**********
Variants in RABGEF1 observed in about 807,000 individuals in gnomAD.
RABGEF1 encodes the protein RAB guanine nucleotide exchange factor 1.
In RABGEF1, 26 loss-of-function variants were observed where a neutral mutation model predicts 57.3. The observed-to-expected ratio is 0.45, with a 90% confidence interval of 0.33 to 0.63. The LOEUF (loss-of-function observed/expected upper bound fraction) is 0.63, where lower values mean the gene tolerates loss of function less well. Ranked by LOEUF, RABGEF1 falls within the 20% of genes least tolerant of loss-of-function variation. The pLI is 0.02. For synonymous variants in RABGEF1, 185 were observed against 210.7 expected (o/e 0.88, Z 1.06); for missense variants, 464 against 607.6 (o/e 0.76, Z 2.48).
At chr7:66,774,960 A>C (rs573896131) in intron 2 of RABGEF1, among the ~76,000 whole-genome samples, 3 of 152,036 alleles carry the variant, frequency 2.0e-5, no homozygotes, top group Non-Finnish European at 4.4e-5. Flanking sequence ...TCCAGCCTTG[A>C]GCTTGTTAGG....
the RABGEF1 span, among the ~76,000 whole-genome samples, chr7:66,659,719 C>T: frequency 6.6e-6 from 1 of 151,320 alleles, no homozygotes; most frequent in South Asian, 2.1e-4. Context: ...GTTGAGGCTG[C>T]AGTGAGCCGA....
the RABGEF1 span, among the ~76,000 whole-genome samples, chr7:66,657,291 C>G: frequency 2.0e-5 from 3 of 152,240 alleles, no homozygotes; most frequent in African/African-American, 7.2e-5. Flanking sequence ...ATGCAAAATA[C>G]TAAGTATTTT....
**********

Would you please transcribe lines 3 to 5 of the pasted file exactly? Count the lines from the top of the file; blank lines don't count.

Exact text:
In RABGEF1, 26 loss-of-function variants were observed where a neutral mutation model predicts 57.3. The observed-to-expected ratio is 0.45, with a 90% confidence interval of 0.33 to 0.63. The LOEUF (loss-of-function observed/expected upper bound fraction) is 0.63, where lower values mean the gene tolerates loss of function less well. Ranked by LOEUF, RABGEF1 falls within the 20% of genes least tolerant of loss-of-function variation. The pLI is 0.02. For synonymous variants in RABGEF1, 185 were observed against 210.7 expected (o/e 0.88, Z 1.06); for missense variants, 464 against 607.6 (o/e 0.76, Z 2.48).
At chr7:66,774,960 A>C (rs573896131) in intron 2 of RABGEF1, among the ~76,000 whole-genome samples, 3 of 152,036 alleles carry the variant, frequency 2.0e-5, no homozygotes, top group Non-Finnish European at 4.4e-5. Flanking sequence ...TCCAGCCTTG[A>C]GCTTGTTAGG....
the RABGEF1 span, among the ~76,000 whole-genome samples, chr7:66,659,719 C>T: frequency 6.6e-6 from 1 of 151,320 alleles, no homozygotes; most frequent in South Asian, 2.1e-4. Context: ...GTTGAGGCTG[C>T]AGTGAGCCGA....